Go Daddy CEO Bob Parsons draws fire for African elephant kill

Apparently, Bob Parsons, the very outspoken CEO of the largest Internet domain registrar Go Daddy, shot and killed an elephant in Labola, Zimbabwe and then posted a graphic video of the hunt online.

The elephant kill footage, dated March 8, first caught the attention of people after being posted on his Twitter account March 14, CNN reported. The video gained further attention after making its way onto online petition site Change.org. Parsons and his company are now facing fall out, despite the fact that he claims the “problem elephant” was ruining crops and threatening the livelihoods of impoverished villagers, according to an interview with AOL Small Business (of which he is a board member).

Not surprisingly, animal rights groups are outraged. PETA said that it closed its account with Go Daddy, which reportedly includes a few hundred domain name registrations. It is encouraging others to boycott the company and even branded Parsons “Scummiest CEO of the Year.”

Meanwhile, domain registrar rivals, such as DomainIt.com and NameCheap.com, pounced on this controversy like lion on prey, offering special discounts for domain name transfers and donating a portion of each transfer to wildlife charities, including World Wildlife Fund and Save The Elephants. From a business angle, it’s a smart move to use the animal cause as a marketing tactic to sway clients away from one of the biggest Internet domain competitors around.

But Mashable reports that this story is far from black and white. Parsons was quoted as saying that he’s been going to Africa for six years and has become increasingly aware of the problem that elephants pose for the locals and their crops.

To PETA and other critics, he says: “These people look at this from the context of being Americans. We’re well-fed and isolated from the process of growing and butchering meat. We see this, and we’re horrified. Their hearts are in the right place, but they just don’t understand what’s going on over there.”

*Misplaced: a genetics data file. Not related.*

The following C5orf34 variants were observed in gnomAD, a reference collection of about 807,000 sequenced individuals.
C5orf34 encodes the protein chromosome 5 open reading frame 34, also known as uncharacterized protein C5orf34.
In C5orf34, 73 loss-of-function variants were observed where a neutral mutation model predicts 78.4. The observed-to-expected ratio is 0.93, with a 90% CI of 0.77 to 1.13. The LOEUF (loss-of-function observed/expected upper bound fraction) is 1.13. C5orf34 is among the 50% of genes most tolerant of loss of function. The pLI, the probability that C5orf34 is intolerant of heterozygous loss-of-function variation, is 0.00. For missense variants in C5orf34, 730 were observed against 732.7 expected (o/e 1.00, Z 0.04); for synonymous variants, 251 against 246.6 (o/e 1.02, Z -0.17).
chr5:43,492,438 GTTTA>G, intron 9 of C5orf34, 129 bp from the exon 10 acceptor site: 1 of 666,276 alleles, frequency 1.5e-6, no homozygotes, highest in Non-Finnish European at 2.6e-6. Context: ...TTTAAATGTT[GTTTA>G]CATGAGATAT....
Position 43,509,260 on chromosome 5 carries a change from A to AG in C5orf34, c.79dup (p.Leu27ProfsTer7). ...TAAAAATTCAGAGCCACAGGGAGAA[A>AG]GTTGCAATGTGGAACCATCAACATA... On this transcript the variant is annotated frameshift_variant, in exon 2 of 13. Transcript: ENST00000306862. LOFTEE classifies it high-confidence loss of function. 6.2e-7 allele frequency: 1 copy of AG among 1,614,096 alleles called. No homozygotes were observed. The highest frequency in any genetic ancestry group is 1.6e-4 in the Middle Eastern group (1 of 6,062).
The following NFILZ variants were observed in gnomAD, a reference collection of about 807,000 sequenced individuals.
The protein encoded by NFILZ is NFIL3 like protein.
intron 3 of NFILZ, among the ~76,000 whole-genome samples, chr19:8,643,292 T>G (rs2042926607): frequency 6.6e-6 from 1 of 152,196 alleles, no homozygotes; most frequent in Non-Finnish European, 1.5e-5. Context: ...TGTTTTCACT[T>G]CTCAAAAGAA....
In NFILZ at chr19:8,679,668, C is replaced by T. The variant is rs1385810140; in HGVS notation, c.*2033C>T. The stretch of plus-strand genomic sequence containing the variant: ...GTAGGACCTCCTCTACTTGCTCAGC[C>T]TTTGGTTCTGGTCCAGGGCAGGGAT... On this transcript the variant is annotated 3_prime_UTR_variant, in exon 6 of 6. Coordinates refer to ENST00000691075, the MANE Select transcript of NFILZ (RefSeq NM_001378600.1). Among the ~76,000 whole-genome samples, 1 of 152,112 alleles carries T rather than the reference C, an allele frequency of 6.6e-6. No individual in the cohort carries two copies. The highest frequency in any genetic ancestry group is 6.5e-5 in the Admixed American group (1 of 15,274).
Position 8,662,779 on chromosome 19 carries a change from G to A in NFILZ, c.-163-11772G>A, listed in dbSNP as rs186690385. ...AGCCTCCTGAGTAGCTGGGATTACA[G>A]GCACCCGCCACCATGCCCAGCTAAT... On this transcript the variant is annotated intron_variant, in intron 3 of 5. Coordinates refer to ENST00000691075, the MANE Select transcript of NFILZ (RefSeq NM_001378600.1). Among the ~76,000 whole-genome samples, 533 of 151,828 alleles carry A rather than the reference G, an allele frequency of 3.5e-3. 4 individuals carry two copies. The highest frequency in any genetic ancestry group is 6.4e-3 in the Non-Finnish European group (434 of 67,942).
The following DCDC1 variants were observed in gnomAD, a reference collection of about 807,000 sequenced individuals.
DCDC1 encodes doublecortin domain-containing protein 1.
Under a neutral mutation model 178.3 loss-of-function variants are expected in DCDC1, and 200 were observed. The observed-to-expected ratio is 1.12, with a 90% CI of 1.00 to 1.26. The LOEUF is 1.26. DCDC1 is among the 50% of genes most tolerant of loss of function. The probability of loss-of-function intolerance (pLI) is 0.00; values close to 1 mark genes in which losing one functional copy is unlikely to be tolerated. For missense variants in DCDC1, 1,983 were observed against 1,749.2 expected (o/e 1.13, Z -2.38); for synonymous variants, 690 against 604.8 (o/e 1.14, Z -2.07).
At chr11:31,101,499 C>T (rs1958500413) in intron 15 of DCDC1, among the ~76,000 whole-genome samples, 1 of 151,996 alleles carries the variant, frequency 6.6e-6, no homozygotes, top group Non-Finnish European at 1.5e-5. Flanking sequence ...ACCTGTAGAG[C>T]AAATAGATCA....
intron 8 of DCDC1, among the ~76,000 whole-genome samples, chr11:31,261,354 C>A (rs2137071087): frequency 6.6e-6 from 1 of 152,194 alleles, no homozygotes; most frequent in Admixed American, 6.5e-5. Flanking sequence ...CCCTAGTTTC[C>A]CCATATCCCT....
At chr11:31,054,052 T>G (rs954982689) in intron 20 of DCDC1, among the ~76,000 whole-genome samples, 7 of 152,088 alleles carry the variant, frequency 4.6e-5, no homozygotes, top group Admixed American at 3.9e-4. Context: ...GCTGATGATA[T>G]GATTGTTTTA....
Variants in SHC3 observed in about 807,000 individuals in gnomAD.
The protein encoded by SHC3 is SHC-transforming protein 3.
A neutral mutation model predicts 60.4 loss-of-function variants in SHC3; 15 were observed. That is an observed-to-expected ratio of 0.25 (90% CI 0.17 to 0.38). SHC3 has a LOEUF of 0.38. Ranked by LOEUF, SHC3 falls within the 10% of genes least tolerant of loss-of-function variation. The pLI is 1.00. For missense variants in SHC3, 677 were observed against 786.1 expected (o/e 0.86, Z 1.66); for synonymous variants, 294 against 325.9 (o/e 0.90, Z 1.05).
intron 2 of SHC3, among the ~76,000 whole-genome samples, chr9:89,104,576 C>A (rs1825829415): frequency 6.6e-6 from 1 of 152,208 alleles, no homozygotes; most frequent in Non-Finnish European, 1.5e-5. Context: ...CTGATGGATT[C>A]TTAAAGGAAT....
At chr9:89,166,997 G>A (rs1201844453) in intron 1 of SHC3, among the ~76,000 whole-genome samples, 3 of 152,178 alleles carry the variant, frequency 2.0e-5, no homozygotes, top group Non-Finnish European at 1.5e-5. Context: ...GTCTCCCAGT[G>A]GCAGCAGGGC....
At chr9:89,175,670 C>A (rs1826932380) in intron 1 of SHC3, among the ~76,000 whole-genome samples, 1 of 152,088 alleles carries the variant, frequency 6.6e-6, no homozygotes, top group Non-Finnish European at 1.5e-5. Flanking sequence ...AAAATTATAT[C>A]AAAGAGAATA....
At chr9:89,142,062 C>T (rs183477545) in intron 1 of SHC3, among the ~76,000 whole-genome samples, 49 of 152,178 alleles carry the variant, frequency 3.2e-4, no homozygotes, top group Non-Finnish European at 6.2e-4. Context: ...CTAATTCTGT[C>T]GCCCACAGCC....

While that may be true, critics are also asking why the video is set to AC/DC’s “Hell’s Bells” and at one point zooms in on the company’s Go Daddy logo. Even if his intentions were humanitarian, at the very least isn’t this an example of really poor taste? And moreover isn’t it bad for business?

Go Daddy spokeswoman Elizabeth Driscoll told CNN there has been no significant change in business, but I’m not so sure I believe her.

Tracy Uba

Tracy Uba is a cat lady in her spare time but not of the crazy variety. Professionally she is a former newspaper writer and wire service editor. Having joined Hoover's in 2007, she enjoys writing about topics ranging from food to race relations.

Read more articles by Tracy Uba.

Comments

  1. Oh boy…I wonder how big that ‘fire’ will become..tactic? I really don’t know what that means..

  2. Pardon the pun but on the one hand all this backlash seems like overkill, but on the other hand, I checked out your links to DomainIt.com and NameCheap.com, and at least for DomainIt, you get a 50% discount and they’re giving $10 a shot to charity too. So, I suppose there is some good coming out of all this!

  3. Shame On YOU says:

    Really… you are embarrassing yourself.

    According to MSNBC News http://www.msnbc.msn.com/id/42383755 and Yahoo news : http://news.yahoo.com/s/mashable/20110401/tc_mashable/the_real_story_behind_bob_parsons_elephantkilling_safari_pics

    It states that the Zimbabwe Parks and Wildlife Management Authority has green-lit during times of economic hardship and hunger. It said that Bob Parsons only killed the leader of the group because it was leading them to tramp crops and attack the human population. Read this one part :::